One of the things I tell my students is that it is GOOD to ask questions. And when you don’t know the answer to one posed to you, it is OK to say “I don’t know.”
On that note, I have been scratching my head over formulating a proper response to David’s question and thought “why don’t I ask our readers?” You all give great feedback and I am sure that there is someone out there that can help. If you think you have an answer, post in the comments section, and I will compile a response based on the feedback we receive!
What is the best path if you want to progress from Arduino to bare AVRs? There seems to be a range of toolchains of varying currency around so google requires a lot of digging to find if what you have is actually current. Ditto some ICSPs seem to have no windows 7 support which can be a trap if that’s your OS of choice. Another way to word the question would be ‘what is the easiest way to work with AVRs while still being able to use things like the internal oscilator and timer interupts’?
Thanks everyone and I look forward to your responses!
Don’t forget, everyone is invited to ask a question!
“Ask an Educator” questions are answered by Adam Kemp, a high school teacher who has been teaching courses in Energy Systems, Systems Engineering, Robotics and Prototyping since 2005.
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First, a quick note. Any Arduino (or compatible – with the right chip and bootloader) can run pure embedded by replacing main() with init(). I just did that for my radar detector interface. You need a trivial sketch (which is never executed), but “init” is called as the first thing from the Arduino environment’s “main()”, so if you just don’t return, you can set all the registers as if you were doing a makefile and C programs. There are a few gotchas and I may not have found all cases (mainly I needed to declare things volatile if the interrupt would modify them and the main routine would read them – this is technically correct but I didn’t have to do it with the command-line direct install tools).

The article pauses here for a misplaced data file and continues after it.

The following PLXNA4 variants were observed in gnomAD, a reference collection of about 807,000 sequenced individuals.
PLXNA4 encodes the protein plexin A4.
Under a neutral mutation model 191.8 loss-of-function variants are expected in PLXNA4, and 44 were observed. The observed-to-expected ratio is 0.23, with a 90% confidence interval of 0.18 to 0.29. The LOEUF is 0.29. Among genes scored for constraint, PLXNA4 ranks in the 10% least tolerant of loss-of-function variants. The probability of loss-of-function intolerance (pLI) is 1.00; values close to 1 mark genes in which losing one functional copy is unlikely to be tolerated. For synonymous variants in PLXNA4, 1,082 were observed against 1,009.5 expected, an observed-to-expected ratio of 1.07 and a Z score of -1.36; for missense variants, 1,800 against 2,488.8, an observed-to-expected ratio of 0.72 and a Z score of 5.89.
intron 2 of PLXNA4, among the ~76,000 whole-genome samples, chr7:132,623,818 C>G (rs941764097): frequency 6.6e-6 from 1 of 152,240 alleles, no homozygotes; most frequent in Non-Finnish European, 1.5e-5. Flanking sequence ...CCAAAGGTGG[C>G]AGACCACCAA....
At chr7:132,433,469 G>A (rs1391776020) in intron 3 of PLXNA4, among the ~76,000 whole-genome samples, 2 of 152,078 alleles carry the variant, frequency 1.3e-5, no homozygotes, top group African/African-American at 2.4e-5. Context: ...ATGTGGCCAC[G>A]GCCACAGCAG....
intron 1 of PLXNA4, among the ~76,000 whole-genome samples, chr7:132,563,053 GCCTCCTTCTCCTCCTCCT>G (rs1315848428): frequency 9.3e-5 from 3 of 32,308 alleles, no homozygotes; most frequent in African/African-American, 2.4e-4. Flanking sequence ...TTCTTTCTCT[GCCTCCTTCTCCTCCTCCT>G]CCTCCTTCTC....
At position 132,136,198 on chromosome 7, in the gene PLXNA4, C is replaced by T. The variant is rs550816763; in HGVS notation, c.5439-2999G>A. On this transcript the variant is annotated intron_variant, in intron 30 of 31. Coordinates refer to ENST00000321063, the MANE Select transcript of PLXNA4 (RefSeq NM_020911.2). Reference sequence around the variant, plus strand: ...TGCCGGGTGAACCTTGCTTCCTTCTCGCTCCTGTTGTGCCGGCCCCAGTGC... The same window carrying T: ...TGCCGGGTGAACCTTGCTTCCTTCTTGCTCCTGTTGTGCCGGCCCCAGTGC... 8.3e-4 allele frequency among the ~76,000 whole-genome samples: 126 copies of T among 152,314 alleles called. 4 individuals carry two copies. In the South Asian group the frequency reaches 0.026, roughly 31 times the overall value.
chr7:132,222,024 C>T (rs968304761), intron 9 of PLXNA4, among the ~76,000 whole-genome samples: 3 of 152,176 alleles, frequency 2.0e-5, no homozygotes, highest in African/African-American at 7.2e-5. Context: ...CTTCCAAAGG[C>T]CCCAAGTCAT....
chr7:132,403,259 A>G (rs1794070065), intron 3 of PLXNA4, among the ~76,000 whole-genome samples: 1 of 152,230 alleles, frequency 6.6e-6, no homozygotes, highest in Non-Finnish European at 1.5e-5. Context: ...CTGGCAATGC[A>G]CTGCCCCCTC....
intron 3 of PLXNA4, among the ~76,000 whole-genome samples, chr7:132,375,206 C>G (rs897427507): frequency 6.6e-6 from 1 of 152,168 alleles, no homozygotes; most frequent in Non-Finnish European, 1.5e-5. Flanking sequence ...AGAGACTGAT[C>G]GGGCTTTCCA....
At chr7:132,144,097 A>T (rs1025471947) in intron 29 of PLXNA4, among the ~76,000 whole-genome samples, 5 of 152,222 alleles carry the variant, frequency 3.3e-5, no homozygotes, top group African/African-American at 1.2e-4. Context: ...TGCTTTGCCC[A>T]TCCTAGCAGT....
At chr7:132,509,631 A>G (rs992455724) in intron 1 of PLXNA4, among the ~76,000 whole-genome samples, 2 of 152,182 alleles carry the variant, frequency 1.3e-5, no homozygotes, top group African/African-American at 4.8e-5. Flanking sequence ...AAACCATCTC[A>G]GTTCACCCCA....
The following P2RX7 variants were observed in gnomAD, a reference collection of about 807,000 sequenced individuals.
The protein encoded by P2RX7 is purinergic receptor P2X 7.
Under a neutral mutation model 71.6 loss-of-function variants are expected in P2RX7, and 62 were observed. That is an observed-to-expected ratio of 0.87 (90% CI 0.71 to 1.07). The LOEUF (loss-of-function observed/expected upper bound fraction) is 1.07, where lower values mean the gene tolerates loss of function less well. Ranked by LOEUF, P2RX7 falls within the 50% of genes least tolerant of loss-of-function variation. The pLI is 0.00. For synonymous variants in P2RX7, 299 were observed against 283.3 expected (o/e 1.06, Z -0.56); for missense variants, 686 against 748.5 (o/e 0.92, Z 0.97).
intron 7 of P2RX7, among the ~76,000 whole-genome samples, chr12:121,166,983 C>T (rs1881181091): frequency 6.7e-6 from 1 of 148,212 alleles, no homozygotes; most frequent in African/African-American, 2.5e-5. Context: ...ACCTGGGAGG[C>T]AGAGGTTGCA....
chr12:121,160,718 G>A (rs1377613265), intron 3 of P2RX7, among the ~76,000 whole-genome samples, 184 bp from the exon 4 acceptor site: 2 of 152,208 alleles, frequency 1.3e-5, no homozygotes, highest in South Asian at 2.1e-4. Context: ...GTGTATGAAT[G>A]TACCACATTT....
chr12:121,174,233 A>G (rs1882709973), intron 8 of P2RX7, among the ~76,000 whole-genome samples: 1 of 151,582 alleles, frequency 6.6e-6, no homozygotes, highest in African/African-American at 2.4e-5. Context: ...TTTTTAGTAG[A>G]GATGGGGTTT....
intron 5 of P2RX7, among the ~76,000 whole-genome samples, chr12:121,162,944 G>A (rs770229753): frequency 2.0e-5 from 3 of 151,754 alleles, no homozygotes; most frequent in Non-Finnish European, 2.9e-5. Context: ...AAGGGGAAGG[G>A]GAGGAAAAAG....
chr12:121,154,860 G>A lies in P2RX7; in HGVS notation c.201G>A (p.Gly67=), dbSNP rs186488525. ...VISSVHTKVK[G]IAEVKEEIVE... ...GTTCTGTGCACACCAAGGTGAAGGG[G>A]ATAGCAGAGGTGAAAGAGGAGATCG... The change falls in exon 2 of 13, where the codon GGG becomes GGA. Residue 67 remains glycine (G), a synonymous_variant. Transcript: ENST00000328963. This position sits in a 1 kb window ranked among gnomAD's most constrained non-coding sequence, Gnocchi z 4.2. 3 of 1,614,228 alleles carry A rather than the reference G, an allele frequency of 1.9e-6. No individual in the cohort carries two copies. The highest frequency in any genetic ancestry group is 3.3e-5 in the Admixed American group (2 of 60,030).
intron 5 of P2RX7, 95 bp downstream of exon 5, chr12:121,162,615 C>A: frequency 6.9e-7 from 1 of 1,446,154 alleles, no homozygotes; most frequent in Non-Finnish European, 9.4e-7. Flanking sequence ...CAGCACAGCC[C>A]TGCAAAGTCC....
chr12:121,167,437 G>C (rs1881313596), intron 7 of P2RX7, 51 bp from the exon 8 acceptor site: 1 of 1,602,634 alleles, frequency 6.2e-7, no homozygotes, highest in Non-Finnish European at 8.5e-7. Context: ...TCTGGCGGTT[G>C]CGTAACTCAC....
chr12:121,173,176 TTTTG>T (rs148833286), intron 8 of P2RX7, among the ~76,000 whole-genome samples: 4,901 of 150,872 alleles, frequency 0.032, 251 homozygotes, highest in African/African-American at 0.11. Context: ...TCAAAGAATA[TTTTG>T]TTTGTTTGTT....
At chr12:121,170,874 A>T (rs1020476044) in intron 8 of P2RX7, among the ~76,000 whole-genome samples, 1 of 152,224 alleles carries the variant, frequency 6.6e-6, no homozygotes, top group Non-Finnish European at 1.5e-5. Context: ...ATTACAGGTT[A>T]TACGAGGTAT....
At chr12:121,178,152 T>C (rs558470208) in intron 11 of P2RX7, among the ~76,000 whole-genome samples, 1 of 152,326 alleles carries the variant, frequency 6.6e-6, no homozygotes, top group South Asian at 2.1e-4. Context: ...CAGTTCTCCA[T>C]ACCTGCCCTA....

The AVR “Dragon” available from Digikey and other places works with the AVR studio environment as well as with avrdude (the programmer under Arduino). It can do ISP, JTAG, dW, serial or parallel high-voltage programming, I use jumpers and have added a ZIF socket
I just use GCC – the whole, full AVR toolchain supporting all the chips as far as I know is in one of the directories under the Arduino install directory. You need to set the paths and learn how to use Makefiles.
I have this one set to do high-voltage programming for ATtiny85s on the left side of the ZIF (so I don’t need a resonator), and ATtiny4313 on the right (for prototyping I solder the resonators onto the chips, but I can also attach one via the breakout area).
This explains how to hook up nearly any mode for any chip
There are a few things which aren’t supported – ISP for the Xmega series, though JTAG works (but you need ISP to flip the JTAG bit). The AVR Studio can update the Dragon firmware.
I go bare bones. You can find some of my projects at harleyhacking.blogspot.com and github.com/tz1 but I use Linux as a development environment, most distros let you install the avr toolchain so I use the command line. But as I noted, the Arduino includes it as part of their downloadable install.